Frank Doll battles rodents and rudeness
Vail CO, Colorado
After the gravel pit shut down, Frank needed to find another job. By checking the newspaper, he answered an ad at New Electric for someone to help with payroll.
Frank landed the job and spent 15 months with New Electric. Once again, Frank found himself working for an organization that needed help. The office manager, while a competent woman, was a nervous wreck, didn’t know how to smile, smoked incessantly, and didn’t have a winning way with customers. Frank saw this right away and knowing that she was sensitive, knew not to verbally take her to task. Instead, Frank began to draw stick pictures of her actions and leaving them on her desk. Over the course to his tenure there, she began to change, and by the time Frank left New Electric in January 1978, he left the organization a better place.
In March, Frank met with Jan Niedziela at Eagle-Vail golf course, who was the superintendent at the time. “I’m looking for work,” Frank told Jan.
“We can always use help,” Jan admitted.
So Frank went to work for Jan, starting at $4.50 an hour, working as a laborer. Later in the season he became a ranger.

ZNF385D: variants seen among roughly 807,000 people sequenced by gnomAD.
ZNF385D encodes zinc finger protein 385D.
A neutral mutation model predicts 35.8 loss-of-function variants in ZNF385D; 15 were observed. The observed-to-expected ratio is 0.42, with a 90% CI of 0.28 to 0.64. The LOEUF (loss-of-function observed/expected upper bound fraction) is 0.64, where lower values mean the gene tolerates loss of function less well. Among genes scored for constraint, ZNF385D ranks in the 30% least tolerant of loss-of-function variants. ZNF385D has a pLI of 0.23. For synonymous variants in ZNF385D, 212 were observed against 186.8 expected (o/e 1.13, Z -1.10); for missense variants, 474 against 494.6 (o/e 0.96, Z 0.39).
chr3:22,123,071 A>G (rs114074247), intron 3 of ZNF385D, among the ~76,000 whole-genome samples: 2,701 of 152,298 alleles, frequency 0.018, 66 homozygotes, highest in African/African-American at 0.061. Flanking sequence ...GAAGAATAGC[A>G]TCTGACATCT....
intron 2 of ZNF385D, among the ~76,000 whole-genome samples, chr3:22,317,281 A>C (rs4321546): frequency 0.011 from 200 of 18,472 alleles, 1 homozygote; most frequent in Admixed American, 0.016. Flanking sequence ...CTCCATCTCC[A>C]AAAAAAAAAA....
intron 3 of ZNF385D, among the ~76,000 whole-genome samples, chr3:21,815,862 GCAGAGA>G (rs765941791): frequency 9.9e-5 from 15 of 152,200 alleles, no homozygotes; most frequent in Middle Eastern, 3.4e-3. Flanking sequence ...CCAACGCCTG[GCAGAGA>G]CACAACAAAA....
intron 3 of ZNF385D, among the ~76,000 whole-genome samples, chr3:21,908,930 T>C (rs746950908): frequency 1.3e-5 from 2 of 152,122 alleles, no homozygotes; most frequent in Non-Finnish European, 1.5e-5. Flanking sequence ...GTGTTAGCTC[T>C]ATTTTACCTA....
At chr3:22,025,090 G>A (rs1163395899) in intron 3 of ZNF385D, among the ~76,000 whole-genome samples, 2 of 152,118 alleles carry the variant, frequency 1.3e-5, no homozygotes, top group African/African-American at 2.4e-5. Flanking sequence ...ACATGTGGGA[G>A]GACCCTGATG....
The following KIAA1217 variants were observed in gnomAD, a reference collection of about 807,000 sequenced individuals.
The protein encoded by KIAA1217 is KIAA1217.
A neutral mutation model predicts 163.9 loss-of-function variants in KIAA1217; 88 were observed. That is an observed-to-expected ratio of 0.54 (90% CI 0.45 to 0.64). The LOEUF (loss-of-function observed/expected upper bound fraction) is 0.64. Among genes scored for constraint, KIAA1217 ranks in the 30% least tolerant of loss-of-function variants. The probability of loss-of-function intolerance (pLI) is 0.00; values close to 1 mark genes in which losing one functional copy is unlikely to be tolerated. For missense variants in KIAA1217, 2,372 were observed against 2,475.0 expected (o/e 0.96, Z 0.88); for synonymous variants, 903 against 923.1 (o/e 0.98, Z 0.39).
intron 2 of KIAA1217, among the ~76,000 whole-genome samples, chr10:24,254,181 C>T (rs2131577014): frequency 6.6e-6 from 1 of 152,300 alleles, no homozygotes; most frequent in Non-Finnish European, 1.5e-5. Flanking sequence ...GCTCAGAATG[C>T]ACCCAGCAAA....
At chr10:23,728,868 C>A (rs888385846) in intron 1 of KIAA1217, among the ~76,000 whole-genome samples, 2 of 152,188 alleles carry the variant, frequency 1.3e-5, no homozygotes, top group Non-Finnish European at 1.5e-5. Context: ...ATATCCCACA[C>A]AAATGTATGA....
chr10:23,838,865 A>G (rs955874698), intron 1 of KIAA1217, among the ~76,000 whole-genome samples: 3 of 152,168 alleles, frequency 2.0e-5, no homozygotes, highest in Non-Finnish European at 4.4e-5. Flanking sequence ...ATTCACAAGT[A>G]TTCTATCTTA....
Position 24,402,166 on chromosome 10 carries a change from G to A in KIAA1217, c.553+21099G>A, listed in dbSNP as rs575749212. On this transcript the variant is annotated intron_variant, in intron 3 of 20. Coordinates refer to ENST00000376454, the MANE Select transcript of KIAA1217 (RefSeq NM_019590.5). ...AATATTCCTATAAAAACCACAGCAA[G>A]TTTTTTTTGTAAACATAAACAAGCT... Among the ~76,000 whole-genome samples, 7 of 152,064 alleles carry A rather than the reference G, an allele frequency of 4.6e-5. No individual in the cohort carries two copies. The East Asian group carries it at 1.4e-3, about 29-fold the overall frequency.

One summer, the golf course was overrun with rodents, those bothersome tawny critters that build boroughs and are commonly called gophers. These rodents were such a nuisance that drainage became a problem, golfers lost ball down the gopher holes, not to mention the treat of a broken ankle or overturned golf cart due to a gopher hole. The maintenance department tried all sorts of things to get rid of the gophers but nothing worked, so Jan went down to the Eagle County Extension Office and to get some advice. He was told the county would provide poison oats and that he should be ready to administer it the following day. The next day Old Bob Mackelvain arrived at the golf course with poisoned oats. Springtime in the Rockies can be fickle, but that day Bob arrived with the poison oats from the country, it was hot with nary a breeze nor cloud in the sky. Frank and Bob spent eight hours covering the course with bucket and spoon, bending at each hole, carefully delivering the required amount of poison.
Right about dusk, when the men arrived back at the club house, each man covered with dirt and sweat, Mr. Edeen, the county health officer was waiting for them. A deep frown marred his brow and his lips were pulled tight. “What are you guys doing?” he roared.
Jan told him.
“You can’t cover a golf course with poison. I’m arresting all of you.”
Bob just laughed. “You can’t arrest me. I work for the county and I’m the one who authorized the poison.”
Frank joined in the laughter, “And you can’t arrest me. I was only following orders. I work for the golf course.”
Jan shook his head and said, “Don’t look at me. The country said to use this stuff.”
Finally, Edeen gave up and went back to his truck, shaking his head.
The poison sent by the county did manage to put a dent in the gopher population ” for that season, anyhow.
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